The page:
Textbook Notes (369,074)
Canada (162,369)
LAW 122 (625)
Chapter 2

Chapter 2

6 Pages
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Department
Law and Business
Course Code
LAW 122
Professor
Avi Weisman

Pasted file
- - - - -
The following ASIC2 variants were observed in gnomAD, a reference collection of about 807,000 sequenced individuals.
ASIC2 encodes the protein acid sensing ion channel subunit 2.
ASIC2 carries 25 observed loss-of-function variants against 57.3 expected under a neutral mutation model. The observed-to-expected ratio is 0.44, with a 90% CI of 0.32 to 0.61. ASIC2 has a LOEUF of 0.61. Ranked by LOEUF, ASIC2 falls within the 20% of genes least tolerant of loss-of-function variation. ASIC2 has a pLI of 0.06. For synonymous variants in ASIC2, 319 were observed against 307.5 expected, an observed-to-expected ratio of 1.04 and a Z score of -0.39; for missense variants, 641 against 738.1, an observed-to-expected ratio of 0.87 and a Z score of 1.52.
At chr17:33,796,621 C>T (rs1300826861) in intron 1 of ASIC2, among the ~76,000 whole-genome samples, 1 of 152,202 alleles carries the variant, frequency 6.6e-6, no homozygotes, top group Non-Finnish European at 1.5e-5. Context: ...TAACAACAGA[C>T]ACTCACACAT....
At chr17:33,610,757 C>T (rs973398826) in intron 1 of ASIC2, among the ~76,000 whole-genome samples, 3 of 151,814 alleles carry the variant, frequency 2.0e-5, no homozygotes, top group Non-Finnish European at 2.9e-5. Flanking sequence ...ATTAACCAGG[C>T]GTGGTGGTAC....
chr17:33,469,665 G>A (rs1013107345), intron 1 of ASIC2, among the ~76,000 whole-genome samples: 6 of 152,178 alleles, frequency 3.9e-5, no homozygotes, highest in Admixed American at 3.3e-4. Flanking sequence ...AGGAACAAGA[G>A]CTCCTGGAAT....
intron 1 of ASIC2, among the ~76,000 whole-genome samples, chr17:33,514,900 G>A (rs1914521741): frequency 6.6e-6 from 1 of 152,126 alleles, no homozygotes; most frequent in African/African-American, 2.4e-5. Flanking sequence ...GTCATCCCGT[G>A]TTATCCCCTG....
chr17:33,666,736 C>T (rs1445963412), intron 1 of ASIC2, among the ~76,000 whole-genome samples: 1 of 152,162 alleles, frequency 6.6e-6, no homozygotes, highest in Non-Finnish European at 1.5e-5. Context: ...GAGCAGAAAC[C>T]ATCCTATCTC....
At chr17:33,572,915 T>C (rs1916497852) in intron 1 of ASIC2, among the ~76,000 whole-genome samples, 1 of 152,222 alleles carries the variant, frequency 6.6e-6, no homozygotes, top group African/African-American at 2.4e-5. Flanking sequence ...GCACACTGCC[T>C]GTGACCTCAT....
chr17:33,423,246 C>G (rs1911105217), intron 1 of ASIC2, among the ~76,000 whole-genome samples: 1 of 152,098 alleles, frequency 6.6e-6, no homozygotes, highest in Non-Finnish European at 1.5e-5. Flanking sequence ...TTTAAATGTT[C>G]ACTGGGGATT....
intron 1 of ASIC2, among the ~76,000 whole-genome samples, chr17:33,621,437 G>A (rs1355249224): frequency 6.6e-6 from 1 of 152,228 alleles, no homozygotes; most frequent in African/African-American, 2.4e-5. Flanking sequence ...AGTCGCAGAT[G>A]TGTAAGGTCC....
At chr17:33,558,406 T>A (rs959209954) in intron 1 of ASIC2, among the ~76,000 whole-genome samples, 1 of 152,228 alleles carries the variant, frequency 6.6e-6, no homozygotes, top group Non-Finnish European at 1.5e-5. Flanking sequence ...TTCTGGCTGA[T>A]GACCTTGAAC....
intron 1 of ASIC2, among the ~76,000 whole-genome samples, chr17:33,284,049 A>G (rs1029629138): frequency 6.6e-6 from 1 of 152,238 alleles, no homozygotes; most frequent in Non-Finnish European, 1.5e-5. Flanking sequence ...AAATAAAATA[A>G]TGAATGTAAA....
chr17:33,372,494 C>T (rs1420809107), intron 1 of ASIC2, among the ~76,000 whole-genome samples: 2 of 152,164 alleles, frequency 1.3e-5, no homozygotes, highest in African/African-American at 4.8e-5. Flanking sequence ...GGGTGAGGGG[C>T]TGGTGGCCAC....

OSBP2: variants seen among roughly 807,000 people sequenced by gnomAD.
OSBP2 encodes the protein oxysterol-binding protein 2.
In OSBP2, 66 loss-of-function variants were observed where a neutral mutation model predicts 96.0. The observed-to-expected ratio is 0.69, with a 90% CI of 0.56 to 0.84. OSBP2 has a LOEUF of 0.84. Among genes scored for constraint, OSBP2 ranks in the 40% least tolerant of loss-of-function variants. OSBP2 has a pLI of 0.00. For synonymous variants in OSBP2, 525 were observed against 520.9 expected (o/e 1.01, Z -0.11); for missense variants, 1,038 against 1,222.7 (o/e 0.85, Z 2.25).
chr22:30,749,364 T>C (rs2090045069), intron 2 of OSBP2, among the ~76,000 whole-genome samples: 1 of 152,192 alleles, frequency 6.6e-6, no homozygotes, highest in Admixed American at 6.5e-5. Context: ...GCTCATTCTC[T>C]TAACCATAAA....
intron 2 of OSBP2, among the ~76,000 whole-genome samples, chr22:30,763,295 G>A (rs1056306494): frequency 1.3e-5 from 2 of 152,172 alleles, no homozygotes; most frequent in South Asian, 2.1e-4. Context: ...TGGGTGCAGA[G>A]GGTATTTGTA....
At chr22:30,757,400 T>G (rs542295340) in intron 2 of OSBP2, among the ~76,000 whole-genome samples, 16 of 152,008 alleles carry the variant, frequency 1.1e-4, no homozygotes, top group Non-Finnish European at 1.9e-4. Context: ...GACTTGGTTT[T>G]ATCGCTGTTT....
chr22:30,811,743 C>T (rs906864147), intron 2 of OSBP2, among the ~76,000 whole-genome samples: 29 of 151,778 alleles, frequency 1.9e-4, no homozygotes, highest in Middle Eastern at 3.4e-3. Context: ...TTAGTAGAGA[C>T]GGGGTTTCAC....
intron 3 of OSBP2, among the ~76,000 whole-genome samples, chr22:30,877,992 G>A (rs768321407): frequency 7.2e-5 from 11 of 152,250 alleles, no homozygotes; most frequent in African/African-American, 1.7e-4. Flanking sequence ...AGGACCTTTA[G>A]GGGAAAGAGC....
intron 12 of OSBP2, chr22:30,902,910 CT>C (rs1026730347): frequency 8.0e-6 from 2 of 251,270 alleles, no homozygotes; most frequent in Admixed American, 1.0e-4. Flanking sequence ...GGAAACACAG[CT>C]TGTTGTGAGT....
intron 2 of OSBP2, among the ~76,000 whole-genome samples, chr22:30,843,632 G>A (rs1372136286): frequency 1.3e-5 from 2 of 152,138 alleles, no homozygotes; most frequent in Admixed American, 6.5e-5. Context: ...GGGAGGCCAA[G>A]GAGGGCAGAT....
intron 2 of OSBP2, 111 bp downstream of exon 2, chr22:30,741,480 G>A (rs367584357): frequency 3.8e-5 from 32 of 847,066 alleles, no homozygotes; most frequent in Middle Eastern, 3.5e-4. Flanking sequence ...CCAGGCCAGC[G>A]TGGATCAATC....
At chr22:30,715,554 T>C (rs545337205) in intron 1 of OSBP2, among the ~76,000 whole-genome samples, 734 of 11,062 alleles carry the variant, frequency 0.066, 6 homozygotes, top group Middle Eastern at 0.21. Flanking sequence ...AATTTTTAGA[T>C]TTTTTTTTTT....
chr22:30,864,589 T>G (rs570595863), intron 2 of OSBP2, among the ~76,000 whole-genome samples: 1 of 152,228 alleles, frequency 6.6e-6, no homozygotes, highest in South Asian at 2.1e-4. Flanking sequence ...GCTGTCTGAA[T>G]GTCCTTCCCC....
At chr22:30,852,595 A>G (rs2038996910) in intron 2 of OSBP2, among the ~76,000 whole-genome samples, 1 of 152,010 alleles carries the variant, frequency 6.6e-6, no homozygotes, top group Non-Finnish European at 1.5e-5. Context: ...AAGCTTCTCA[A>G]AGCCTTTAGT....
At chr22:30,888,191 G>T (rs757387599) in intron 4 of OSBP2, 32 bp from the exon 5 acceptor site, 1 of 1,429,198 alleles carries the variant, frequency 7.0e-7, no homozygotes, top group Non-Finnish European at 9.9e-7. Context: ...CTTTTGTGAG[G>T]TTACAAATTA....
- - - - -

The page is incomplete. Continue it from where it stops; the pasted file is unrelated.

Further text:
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Monday September 19 , 2011 Chapter 2 Litigation & Alternative Dispute Resolution The Litigation Process -Litigation  is the system of resolving disputes in court -Risks of litigation:  expensive  time consuming  unpredictable  frequently fatal to business relationships -Litigation is rare  very few cases are decided by judges in court  Most disputes are settled out of court; we rarely hear about those details  Fewer than 1% of private disputes are decided by judges Who Can Sue? -General Rule: Any person or corporation can sue or be sued -person who lacks legal capacity can sue or be sued but must act through a representative  Example: child or adult with mental disability) -statutory authority required to sue government -a corporation is a type of a person  A company may therefore sue or be sued -unincorporated organizations such as clubs and church groups are not classified as a legal person  Normally cannot sue or be sued Class Actions: -Purpose: multiple claims against single defendant joined together in one action -suing on behalf of large group of claimants; allows small individuals to take on large organizations -small claimants able to share costs of litigation against large defendant  Example: product liability, mass torts, workplace discrimination -a company may not worry about thousands of claims worth a few dollars each, but it will worry about a single claim worth $50 million -class actions are becoming increasingly common in Canada  Primary attraction: they allow small individuals to take on a large organization -class action requirements: 1. Common Issues:  must be common issues amongst the various members of the class  Example: there may be a women who received defective breast implants from the same manufacturer as another women, not necessary every claim is to be identical 2. Representative Plaintiff:  he/she must demonstrate a workable plan for fairly representing the interests of the class member  Example: this situation will not be true; the plaintiff wants the court to rely on a rule that will help some circumstances that affect some claim acts Monday September 19 , 2011 3. Notification:  must have plan for notifying potential class members as members of that class are bound by the decision  it is not unusual for instance to see class action notices in newspapers or magazines 4. Preferable Procedure:  class action is the preferable way of dealing with the claims  considers whether a class action will become too complicated and whether there are enough similarities between the class members 5. Certification:  court’s decision to allow the class action to proceed (allows the claims to be joined together as a class action)  most important step in the entire process as a class  it demonstrates that the courts believes that there is a serious and genius claims to be considered Legal Representation: -if you have been sued or want to sue it is important that you make a decision regarding legal representation, who will argue for your side? -question raises an important risk management issue 1. Self Representation:  right to represent yourself  usually advisable only in simple matters  it is expensive to hire a lawyer however, it may be far expensive to lose a lawsuit in the long because due to the lack of experience  you can go to the court and argue your case before the judge without being a lawyer 2. Lawyers:  required to have graduated from Law School, articled, passed bar  Law Society regulates the profession  Law Society establishes and applies Codes of Conduct and investigates/punishes misconduct  Punishes people who do not act responsibly  Other advantages: lawyers must carry professional liability insurance  If your lawyer acts careless and you suffered a loss, you may sue for professional negligence  communications are confidential and privileged  there are a number of advantages of hiring a lawyer:  Example: conversation with your lawyer generally confidential and privileged meaning that your lawyer cannot share your information with anyone without your consent  Law societies also provide assurance funs which provides compensation to people who have been hurt by dishonest lawyers 3. Paralegals – not a lawyer but provides legal services  Since 2007, Law Society of Upper Canada has licensed paralegals in Ontario  Now Paralegals must:  train at an approved institution  complete examinations just as lawyers need to write the Bars  abide by a Code of Conduct (punishable by misconduct)  carry liability insurance Monday September 19 , 2011  Restrictions on paralegals:  confined to certain types of work, e.g. representation in Small Claims Court, administrative tribunals  cannot work on a contingency fee basis  paralegals are common in small claim courts, land lords and tenant tribunals  vast majority are knowledgeable, professional, honest paralegals remain somewhat controversial Pleadings: -The documents that are used to identify the issues and clarify nature of dispute -Needs to be drafted by party, issued by court, served on party -Plaintiff = person making complaint -Defendant = person about whom complaint is made -Need to start pleadings process promptly; limitation periods!  Limitation period is a period of time within which an action must be started -Limitation Periods because:  after time evidence gets lost/ becomes murky  can’t hold the threat of litigation over someone forever -Lawsuit starts w:  Statement of Claim  A document in which the plaintiff outlines the nature of the complaint, it states facts that the plaintiff intends to rely upon and the remedy it wants to receive  Statement of Defense – denies the facts or any liability  Document in which the defendant sets out its version of the facts and indicates how it intends to dent the claim  Counterclaim  claim that the defendant makes against plaintiff o Example: if the plaintiff sues for the price of goods that it delivered to the defendant, the defendant may believe that those goods are